contemporary art, culture and criticism from a Jewish-Eskimo in the Pacific Northwest.
I have to admit that while many horror purest decried passionately Rob Zombie's re-imagining (not a remake) of the John Carpenter classic Halloween I found it to be a thoughtful albeit furiously violent intelligent film that stands on its own merits while nodding to the original series. He's completing the story with his sequel which begins just moments after the first film ends and follows Laurie Strode ( Scout Taylor-Compton) to the hospital (as did the original sequel) but looks to divert that story immensely leaping two years with a agoraphobic survivor Annie (Danielle Harris) and a wildly out of control Laurie confronted by Michael's inexplicable return after apparently living in the woods talking to the voices in his head for years. Zombie's films are not for the squeamish and timid, full of nudity, extreme acts of violence and nonstop swearing but in their brilliant white trash glory he has come along way to illuminating something about the American psyche. While the truncated House of a 1000 Corpses is clearly not totally successful I'd argue Zombie distilled and perfected with The Devil's Rejects a goal that I feel Oliver Stone failed to accomplish with Natural Born Killers. With Halloween Zombie made us feel empathy and compassion for not only the teen victims of Michael Myer's but also helps us understand how Michael became what he becomes. It's the hero's journey into failure, the origin of a monster mythos. Enjoy our first look at the month of August's (????) most controversial release slate.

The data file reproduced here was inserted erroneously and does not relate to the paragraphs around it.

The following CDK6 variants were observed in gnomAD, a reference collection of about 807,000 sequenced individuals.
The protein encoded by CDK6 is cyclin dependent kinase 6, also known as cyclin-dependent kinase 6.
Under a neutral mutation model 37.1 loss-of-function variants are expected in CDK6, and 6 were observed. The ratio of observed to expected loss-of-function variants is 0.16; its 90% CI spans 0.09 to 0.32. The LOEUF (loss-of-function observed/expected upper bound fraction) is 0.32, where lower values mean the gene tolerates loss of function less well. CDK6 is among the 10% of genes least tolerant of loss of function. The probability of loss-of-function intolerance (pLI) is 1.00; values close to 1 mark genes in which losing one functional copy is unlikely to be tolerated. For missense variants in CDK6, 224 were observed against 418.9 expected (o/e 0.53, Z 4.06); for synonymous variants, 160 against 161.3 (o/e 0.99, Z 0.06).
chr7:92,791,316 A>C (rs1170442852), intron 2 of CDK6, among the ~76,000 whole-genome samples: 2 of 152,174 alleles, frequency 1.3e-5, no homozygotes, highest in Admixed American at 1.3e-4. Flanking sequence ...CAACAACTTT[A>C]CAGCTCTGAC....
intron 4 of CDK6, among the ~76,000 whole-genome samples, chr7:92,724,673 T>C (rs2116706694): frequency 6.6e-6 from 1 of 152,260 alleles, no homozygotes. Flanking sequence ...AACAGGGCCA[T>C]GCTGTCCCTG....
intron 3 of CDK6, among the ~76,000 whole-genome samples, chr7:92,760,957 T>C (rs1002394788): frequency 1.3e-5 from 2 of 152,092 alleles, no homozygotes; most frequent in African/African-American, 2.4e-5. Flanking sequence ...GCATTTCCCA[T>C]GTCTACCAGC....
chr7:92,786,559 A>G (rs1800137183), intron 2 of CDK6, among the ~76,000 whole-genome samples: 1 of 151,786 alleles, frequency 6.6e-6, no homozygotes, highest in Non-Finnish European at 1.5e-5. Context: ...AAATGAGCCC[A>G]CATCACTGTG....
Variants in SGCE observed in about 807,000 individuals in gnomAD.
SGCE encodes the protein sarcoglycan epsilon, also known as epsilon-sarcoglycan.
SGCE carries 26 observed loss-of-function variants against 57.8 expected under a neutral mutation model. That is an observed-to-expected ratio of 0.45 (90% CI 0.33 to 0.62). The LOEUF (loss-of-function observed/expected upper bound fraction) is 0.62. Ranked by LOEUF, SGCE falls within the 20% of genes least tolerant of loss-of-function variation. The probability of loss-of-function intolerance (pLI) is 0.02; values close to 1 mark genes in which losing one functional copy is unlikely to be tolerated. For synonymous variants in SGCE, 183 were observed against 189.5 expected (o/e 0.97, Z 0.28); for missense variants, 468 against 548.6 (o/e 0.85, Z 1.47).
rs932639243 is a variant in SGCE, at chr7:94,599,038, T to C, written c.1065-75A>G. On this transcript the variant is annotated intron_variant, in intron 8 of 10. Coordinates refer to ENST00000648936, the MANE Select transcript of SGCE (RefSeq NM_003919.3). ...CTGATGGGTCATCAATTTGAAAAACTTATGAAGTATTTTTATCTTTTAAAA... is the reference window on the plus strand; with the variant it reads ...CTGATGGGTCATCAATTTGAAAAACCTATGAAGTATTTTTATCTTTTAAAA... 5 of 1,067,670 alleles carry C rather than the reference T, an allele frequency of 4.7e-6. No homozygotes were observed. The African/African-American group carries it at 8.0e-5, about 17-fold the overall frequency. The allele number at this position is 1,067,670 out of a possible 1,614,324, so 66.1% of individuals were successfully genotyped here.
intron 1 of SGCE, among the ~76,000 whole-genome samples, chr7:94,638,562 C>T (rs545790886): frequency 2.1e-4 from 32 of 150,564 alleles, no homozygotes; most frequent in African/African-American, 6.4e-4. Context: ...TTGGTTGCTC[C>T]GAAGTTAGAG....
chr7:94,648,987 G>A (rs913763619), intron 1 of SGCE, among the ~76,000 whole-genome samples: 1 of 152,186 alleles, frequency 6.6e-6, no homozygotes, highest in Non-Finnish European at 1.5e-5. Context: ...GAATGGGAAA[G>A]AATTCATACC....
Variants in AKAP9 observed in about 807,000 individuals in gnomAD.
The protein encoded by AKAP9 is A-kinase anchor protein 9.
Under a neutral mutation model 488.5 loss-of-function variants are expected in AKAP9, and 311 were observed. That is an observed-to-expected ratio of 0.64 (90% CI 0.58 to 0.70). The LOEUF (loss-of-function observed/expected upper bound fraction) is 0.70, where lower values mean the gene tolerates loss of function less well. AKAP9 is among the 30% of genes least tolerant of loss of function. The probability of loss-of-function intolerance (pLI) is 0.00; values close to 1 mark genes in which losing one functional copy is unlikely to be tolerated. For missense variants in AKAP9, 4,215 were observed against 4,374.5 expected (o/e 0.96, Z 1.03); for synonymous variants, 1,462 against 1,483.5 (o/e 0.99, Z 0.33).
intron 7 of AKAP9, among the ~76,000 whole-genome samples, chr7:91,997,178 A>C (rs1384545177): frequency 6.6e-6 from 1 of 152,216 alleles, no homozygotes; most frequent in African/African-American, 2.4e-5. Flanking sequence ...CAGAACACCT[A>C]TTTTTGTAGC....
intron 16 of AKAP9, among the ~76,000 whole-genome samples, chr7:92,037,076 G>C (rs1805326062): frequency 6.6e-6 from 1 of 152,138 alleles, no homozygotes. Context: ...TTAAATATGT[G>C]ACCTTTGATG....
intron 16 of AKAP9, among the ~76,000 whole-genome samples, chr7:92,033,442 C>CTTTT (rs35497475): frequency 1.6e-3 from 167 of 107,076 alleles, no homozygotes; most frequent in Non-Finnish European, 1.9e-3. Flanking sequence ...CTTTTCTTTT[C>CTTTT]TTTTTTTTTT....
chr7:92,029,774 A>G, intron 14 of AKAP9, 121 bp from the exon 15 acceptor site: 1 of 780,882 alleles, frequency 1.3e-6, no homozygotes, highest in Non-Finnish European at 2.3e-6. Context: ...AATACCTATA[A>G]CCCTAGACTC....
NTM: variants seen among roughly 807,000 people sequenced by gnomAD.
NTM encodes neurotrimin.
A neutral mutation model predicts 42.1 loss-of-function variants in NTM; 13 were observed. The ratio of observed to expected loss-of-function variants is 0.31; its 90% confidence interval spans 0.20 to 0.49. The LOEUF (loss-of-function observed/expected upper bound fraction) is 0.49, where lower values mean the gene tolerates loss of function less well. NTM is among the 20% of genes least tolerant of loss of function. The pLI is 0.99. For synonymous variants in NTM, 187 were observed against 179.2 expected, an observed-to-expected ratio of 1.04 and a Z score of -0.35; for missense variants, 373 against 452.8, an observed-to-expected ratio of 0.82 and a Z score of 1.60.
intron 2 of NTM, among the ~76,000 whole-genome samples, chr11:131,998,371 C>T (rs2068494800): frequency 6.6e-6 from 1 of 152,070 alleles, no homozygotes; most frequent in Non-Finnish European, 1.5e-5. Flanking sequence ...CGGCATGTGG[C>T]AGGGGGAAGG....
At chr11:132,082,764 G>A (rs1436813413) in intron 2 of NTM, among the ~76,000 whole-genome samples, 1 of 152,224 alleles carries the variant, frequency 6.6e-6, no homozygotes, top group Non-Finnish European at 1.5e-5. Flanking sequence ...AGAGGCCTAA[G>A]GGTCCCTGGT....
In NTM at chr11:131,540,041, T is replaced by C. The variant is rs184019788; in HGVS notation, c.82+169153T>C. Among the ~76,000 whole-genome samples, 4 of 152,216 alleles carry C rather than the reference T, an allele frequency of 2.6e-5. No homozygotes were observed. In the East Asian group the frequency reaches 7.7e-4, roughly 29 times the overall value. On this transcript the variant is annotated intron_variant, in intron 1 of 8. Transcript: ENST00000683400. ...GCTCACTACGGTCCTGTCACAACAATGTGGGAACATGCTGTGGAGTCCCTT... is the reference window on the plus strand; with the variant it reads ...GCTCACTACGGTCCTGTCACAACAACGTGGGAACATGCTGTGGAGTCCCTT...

Posted by Andrew klaus-Vineyard at Tuesday, May 05, 2009
Labels: film, Halloween, Rob Zombie
Subscribe to: Post Comments (Atom)
Post a Comment